Stacy Rapacon: Great Funds You Can Own for $500 or Less

Cameron Huddleston: 7 Ways to Save on Home Decor

The Kosher Gourmet by Steve Petusevsky Exploring ingredients as edible-stuffed containers (TWO RECIPES + TIPS & TECHINQUES)

Jewish World Review

Try fruit gazpacho as a starter or dessert

By Diane Rossen Worthington





JewishWorldReview.com | I'm not sure when that renowned Spanish refresher, tomato and cucumber gazpacho, turned into other dishes. I have seen it as a sauce for fish, pureed into a cream and reinterpreted with different fruits as a starter and as dessert. Here are two colorful and unusual fruit gazpacho recipes, one as a starter and one as a dessert.

In "The Perfect Peach," a new book by Marcy Masumoto, Nikiko Masumoto and David Mas Masumoto (Ten Speed Press, 2013), the authors celebrate the myriad flavors and ways to serve a peach. I love this peach gazpacho because it is both savory and sweet. The vinegar, garlic and cucumber all help add a piquant layer of flavor. A pretty garnish and tasty topping of avocado and red pepper add another flavor and textural dimension. Serve well chilled in pretty shallow soup bowls. For a bigger group, serve this sunny fruit soup in shooter glasses as your guests arrive for a festive taste of summer.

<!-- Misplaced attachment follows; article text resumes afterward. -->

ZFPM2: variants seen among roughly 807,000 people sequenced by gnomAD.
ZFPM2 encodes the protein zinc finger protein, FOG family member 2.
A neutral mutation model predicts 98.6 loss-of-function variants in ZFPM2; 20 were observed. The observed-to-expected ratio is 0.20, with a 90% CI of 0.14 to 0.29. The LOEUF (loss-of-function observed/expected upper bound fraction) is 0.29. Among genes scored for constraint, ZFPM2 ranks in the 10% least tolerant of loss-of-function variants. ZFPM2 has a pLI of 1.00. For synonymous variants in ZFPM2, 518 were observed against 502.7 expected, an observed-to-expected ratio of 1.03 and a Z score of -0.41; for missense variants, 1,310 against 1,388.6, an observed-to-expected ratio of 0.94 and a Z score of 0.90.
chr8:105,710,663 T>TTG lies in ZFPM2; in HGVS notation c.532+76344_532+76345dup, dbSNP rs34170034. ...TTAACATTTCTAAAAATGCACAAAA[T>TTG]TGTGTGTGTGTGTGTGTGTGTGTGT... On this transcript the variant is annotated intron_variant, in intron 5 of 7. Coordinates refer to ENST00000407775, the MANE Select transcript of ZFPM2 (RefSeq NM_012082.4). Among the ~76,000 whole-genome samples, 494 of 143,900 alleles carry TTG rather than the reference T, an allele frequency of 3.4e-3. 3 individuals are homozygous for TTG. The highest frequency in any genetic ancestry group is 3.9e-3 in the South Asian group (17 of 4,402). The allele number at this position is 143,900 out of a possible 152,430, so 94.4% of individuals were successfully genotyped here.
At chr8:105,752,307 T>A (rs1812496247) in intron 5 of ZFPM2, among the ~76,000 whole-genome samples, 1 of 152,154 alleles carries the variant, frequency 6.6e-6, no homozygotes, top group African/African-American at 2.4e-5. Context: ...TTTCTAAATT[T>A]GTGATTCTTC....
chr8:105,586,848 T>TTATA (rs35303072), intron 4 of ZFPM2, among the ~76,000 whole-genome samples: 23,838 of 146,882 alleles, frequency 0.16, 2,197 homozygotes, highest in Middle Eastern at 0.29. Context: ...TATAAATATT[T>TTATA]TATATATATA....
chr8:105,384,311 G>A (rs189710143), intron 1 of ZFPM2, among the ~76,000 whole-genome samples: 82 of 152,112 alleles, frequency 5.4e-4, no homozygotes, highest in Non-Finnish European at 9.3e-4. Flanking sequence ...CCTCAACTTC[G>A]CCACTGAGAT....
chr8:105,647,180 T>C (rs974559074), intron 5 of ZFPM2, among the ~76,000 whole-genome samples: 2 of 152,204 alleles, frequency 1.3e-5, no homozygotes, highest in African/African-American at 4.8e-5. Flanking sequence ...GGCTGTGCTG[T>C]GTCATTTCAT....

Sitting on the terrace of a beach hotel, I was served the elegant, refreshing dessert gazpacho below. The chef there prepared a fresh basil sorbet to accompany the chilled soup, but any high-quality fruit sorbet works here. Decorate the soup with the fruit, the sorbet and mint leaves. If you prefer a pure red soup, cook the mint leaves in the sugar syrup and strain them out before continuing.

When the heat is on, I hope you'll try both of these chilled fruit gazpachos. And don't hesitate to change up the fruit. Instead of peaches, try nectarines. If you are in a hurry, use cut up seedless grapes and the mango as garnish for the dessert gazpacho.





PEACH GAZPACHO: A SAVORY-SWEET BEGINNING

SERVES 6 to 8

  • 6 soft to gushy peaches (about 21/2 pounds), peeled, pitted and quartered

  • 1/2 cucumber, peeled, seeded, and cut into chunks

  • 1 small clove garlic, minced

  • 1 tablespoon champagne or golden balsamic vinegar

  • 2 tablespoons extra-virgin olive oil, plus more for drizzling

  • 1/2 teaspoon coarse salt

  • 1/4 teaspoon freshly ground pepper

  • 1/2 to 3/4 cup water

  • 2 tablespoons coarsely chopped fresh cilantro or flat-leaf parsley

  • Red bell pepper slices and avocado slices, for garnish (optional)